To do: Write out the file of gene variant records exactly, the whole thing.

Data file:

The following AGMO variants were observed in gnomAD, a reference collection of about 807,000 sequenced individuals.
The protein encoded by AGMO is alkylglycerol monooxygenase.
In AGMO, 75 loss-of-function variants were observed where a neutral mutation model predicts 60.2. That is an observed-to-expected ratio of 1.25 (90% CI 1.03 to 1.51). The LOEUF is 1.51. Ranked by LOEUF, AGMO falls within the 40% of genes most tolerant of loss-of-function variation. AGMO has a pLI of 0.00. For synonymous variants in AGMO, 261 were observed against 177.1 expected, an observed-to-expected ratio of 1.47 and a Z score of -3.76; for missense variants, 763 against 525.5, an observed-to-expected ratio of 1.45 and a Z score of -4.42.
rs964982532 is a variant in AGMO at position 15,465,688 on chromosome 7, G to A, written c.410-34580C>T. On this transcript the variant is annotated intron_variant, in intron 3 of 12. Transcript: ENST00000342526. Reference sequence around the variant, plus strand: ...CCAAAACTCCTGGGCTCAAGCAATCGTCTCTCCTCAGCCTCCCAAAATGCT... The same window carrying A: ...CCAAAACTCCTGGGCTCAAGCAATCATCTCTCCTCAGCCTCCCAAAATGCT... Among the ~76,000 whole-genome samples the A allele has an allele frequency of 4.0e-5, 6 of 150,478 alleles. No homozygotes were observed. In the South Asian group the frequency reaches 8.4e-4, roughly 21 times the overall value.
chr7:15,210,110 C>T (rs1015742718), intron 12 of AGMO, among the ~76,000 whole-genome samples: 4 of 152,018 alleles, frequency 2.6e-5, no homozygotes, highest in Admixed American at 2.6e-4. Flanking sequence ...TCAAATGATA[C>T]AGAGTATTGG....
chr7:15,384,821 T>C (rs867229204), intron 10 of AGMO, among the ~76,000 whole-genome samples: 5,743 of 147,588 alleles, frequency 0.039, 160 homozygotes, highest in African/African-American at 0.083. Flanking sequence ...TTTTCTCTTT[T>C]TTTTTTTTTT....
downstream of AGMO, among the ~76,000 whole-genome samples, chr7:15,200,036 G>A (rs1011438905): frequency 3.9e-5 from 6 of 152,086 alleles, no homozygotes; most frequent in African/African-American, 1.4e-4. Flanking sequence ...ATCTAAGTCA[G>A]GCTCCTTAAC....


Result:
The following AGMO variants were observed in gnomAD, a reference collection of about 807,000 sequenced individuals.
The protein encoded by AGMO is alkylglycerol monooxygenase.
In AGMO, 75 loss-of-function variants were observed where a neutral mutation model predicts 60.2. That is an observed-to-expected ratio of 1.25 (90% CI 1.03 to 1.51). The LOEUF is 1.51. Ranked by LOEUF, AGMO falls within the 40% of genes most tolerant of loss-of-function variation. AGMO has a pLI of 0.00. For synonymous variants in AGMO, 261 were observed against 177.1 expected, an observed-to-expected ratio of 1.47 and a Z score of -3.76; for missense variants, 763 against 525.5, an observed-to-expected ratio of 1.45 and a Z score of -4.42.
rs964982532 is a variant in AGMO at position 15,465,688 on chromosome 7, G to A, written c.410-34580C>T. On this transcript the variant is annotated intron_variant, in intron 3 of 12. Transcript: ENST00000342526. Reference sequence around the variant, plus strand: ...CCAAAACTCCTGGGCTCAAGCAATCGTCTCTCCTCAGCCTCCCAAAATGCT... The same window carrying A: ...CCAAAACTCCTGGGCTCAAGCAATCATCTCTCCTCAGCCTCCCAAAATGCT... Among the ~76,000 whole-genome samples the A allele has an allele frequency of 4.0e-5, 6 of 150,478 alleles. No homozygotes were observed. In the South Asian group the frequency reaches 8.4e-4, roughly 21 times the overall value.
chr7:15,210,110 C>T (rs1015742718), intron 12 of AGMO, among the ~76,000 whole-genome samples: 4 of 152,018 alleles, frequency 2.6e-5, no homozygotes, highest in Admixed American at 2.6e-4. Flanking sequence ...TCAAATGATA[C>T]AGAGTATTGG....
chr7:15,384,821 T>C (rs867229204), intron 10 of AGMO, among the ~76,000 whole-genome samples: 5,743 of 147,588 alleles, frequency 0.039, 160 homozygotes, highest in African/African-American at 0.083. Flanking sequence ...TTTTCTCTTT[T>C]TTTTTTTTTT....
downstream of AGMO, among the ~76,000 whole-genome samples, chr7:15,200,036 G>A (rs1011438905): frequency 3.9e-5 from 6 of 152,086 alleles, no homozygotes; most frequent in African/African-American, 1.4e-4. Flanking sequence ...ATCTAAGTCA[G>A]GCTCCTTAAC....